|Potential for sizeable gains over short period of time||Potential for large losses in a very short period of time as leverage magnifies both gains and losses|
|Frequent trading opportunities||Fast paced nature of trading style can lead to rushed, sub-optimal entries|
|Multi-directional opportunities (long and short)|
|Lower initial capital needed compared to owning the stock outright|
What does stock investing involve?
Below is an overview of how stock investing differs from stock trading, using the same key elements:
2) Time horizon
1) Objective (Capitalize on long term price movement and dividends)
Stock market investors seek to benefit from longer-term price movements and dividend payments. Instead of relying heavily on technicals for ideal entry levels, investors will often focus more on buying shares at attractive (discount) price levels to hold for the long term – riding out recessions and market crashes. Stock investments can be active (frequent buying and selling) or passive i.e. index tracker funds.
Investors usually spend a lot of time researching stocks before investing, looking for strong balance sheets and solid growth potential. The selection criteria however, can vary drastically based on an investor’s risk appetite, whether he/she is buying a single share or adding to a multi-share portfolio.
2) Time horizon (Long term)
Unlike stock traders’ short-term goals, investors focus on the long term – usually aiming for five years or more. Anyone looking at a major stock index will see that over time, markets generally have trended higher. There may be slight declines or major recessions, but recent history suggests that long term trends have been higher. This can help to make stocks as a potentially attractive venue for a long-term inflation hedge. When companies are faced with higher input costs, they usually pass this cost onto the consumer in the form of higher prices of the final good/service. Higher prices can bring higher revenue figures, which will often reflect in a higher share price.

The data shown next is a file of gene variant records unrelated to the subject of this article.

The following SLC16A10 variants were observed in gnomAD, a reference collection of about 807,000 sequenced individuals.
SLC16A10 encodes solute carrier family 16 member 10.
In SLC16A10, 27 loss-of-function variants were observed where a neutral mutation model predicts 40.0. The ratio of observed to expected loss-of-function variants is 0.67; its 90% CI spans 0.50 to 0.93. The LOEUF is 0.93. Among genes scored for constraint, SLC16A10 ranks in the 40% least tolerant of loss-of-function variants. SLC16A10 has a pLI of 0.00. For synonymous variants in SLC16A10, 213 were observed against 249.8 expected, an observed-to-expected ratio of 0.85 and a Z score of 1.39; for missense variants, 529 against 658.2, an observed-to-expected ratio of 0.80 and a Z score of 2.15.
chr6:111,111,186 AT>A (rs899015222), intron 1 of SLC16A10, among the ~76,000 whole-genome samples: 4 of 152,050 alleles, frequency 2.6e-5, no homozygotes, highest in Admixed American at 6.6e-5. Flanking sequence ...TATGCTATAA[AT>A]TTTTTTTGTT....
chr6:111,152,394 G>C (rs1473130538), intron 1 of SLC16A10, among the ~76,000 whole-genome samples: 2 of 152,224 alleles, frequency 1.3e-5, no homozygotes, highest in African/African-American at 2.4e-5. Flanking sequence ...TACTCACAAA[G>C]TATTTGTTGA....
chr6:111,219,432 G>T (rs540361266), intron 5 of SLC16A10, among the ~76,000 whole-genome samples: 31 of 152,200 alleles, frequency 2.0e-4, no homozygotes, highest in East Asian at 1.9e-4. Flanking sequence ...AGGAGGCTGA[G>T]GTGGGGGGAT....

3) Initial capital required (full value of investment)
Long-term investors may forego the usage of margin or leverage as the interest paid on the funds borrowed may eat into long-term results. In this case, with no leverage being employed, investors simply have to pay what the share costs, i.e. 100 shares at $10 per share, or $1000 before taking into account commissions and spread.
4) Analysis (Almost exclusively fundamental)
Stock investors are usually heavily relying on fundamentals in their analysis. Investors scrutinize company financial statements, looking at cash flow from operations, operating expenses, revenue growth, debt, capital investments and any other factors revealing how that company is performing. Additionally, investors will assess how dominant the company/stock is in its stock sector and perform a competitor analysis. It usually makes sense to invest in dominant companies in their respective industry, or in small companies with high growth rates in an expanding industry.
When investing there is always a risk that a stock performs poorly but without the use of margin, investor losses are usually capped at the initial investment plus any dividends that may have accrued.
Management decisions, ever-changing markets and technological innovation can prove to be obstacles or present opportunities to grow and investors have little to no control over this. Investors will usually look at diversifying their stock portfolios instead of simply holding one or two stocks to better insulate from drastic drops in individual share prices.
|Given enough time, a well-diversified stock may benefit from broad-based market trends||Growth can be slow or even negative.|
|Can be less time consuming. Investors do not need to be at their computers all day long managing trading positions||Research and due diligence can be extremely time consuming before making a purchase|
|Choice of buying individual stocks or having a professional manage a portfolio|
|Dividends and preference shares may provide additional benefits over and above share price appreciation|
Trading vs investing: Which is better?
In the trading vs investing debate there is no empirical evidence to suggest that either approach is superior to the other. In a sense, this realization is reassuring as each individual can gravitate towards the approach they feel best addresses their individual goals and objectives. Become aware of your personality and ensure it complements the way you approach financial markets, whether that’s with a short-term trading or a long-term investing approach.
If you are still unsure whether stock trading or investing is better for you, take a look at our day in the life of a trader series that delves into the daily routines of some of our top DailyFX analysts.
Further reading on stocks and major indices